Students fight University Amendment Act in court

Student leaders from universities across the country have moved to court to challenge the University Amendment Act, which proposes radical changes to the election system in universities.

The 30 representatives from more than 20 of the top private and public universities in Kenya on January 23 presented a petition at Milimani High Court, which seeks to suspend the Act altogether, citing its assent as unconstitutional and contrary to the Constitution of Kenya.

According to Fredrick Makajos, the President of Maseno University Students’ Union, the Bill is a serious threat to the democratic rights of comrades.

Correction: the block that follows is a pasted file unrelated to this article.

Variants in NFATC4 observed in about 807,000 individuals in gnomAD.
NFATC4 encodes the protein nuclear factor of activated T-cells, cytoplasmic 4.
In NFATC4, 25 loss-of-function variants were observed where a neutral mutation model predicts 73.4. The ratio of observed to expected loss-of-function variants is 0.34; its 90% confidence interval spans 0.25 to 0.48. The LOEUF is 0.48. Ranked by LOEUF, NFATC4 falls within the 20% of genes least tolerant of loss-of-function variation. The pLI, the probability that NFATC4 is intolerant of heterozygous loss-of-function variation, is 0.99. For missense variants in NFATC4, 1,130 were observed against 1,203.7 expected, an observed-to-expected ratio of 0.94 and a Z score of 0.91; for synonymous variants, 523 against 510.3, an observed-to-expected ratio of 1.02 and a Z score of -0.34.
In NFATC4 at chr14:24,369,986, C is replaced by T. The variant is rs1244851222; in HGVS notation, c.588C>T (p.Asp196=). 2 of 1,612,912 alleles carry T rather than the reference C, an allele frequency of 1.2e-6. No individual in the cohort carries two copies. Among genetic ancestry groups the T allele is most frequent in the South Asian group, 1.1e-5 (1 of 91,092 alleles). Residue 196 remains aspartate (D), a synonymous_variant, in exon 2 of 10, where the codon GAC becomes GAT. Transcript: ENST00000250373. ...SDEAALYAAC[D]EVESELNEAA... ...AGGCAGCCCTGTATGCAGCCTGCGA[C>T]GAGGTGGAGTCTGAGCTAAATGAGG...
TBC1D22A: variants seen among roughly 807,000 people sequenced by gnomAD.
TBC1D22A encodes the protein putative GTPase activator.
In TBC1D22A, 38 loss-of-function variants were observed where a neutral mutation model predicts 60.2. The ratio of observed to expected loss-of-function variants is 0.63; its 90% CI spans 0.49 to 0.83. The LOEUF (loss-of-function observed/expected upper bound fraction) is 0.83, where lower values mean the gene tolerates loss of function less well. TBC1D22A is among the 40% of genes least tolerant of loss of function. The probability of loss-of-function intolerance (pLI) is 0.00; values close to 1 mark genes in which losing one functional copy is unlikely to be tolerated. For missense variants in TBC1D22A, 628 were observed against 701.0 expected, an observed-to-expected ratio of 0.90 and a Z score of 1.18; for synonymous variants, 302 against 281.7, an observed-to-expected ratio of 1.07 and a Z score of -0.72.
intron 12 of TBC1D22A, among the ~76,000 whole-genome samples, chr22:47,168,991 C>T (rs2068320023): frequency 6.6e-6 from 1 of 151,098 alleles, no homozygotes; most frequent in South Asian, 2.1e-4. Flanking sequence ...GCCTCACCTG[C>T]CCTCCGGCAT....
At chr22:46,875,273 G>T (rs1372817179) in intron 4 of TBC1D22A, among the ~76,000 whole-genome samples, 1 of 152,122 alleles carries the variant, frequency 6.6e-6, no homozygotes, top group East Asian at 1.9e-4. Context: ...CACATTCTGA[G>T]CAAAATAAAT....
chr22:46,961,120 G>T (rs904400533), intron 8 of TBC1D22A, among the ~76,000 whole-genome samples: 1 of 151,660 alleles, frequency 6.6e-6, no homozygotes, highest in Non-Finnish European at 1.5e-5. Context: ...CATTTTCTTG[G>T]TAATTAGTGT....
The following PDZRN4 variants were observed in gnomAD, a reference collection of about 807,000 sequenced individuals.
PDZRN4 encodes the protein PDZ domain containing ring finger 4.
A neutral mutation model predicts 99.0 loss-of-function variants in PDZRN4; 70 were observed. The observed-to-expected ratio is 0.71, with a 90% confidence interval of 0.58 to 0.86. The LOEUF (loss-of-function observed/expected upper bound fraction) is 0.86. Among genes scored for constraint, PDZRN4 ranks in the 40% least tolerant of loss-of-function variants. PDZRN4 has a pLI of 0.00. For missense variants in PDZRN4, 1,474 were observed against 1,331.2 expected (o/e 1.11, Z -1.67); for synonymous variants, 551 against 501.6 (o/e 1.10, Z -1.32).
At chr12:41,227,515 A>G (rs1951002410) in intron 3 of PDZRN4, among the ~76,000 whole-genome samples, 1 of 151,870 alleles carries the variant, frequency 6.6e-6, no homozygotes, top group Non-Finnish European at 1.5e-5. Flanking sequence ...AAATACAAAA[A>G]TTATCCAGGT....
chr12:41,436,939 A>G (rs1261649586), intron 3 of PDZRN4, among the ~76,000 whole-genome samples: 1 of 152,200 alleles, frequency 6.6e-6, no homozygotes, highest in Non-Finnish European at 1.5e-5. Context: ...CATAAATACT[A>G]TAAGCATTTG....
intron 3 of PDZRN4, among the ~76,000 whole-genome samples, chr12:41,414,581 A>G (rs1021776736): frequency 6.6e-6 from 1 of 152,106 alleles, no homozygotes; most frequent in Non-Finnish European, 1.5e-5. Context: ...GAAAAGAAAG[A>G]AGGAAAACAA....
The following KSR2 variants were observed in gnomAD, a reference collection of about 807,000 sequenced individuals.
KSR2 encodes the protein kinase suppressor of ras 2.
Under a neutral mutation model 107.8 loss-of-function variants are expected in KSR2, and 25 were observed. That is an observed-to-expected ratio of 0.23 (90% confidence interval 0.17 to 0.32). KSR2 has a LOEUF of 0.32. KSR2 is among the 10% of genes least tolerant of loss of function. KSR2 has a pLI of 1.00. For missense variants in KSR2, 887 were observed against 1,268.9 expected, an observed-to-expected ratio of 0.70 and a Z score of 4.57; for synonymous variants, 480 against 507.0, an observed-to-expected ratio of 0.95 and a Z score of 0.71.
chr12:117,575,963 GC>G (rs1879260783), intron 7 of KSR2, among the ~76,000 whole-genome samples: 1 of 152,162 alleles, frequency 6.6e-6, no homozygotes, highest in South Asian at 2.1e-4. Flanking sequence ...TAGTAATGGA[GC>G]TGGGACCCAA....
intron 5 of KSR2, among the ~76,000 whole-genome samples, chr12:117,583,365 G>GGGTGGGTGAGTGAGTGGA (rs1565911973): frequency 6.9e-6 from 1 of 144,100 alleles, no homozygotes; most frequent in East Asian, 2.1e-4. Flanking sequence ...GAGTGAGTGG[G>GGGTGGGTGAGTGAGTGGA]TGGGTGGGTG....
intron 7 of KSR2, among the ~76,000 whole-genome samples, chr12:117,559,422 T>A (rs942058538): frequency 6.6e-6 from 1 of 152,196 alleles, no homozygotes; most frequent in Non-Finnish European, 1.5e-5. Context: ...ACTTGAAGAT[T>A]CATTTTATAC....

“We are ready to challenge the Bill at every step,” he said. “We were neglected in its passage, and it messes up both students and learning institutions. We must show that after the Holy Spirit, comrades power is the only power.”

Fred Were Were who is the Kenyatta University Students Association President, was similarly firm. “The retrogressive amendment of the bill was done without the consent or consultation of any student union in the country. We are all opposed to the act, and are resolved to fight it, using both legal and extra legal means,” he told The Nairobian.

“The government can frustrate and play with doctors, nurses and now lectures, but not comrades.”

The biggest issue for the leaders seems to be the stipulation within the Bill that student elections will now be determined by an electoral college, made up of representatives from individual schools or campuses.


Brian Guserwa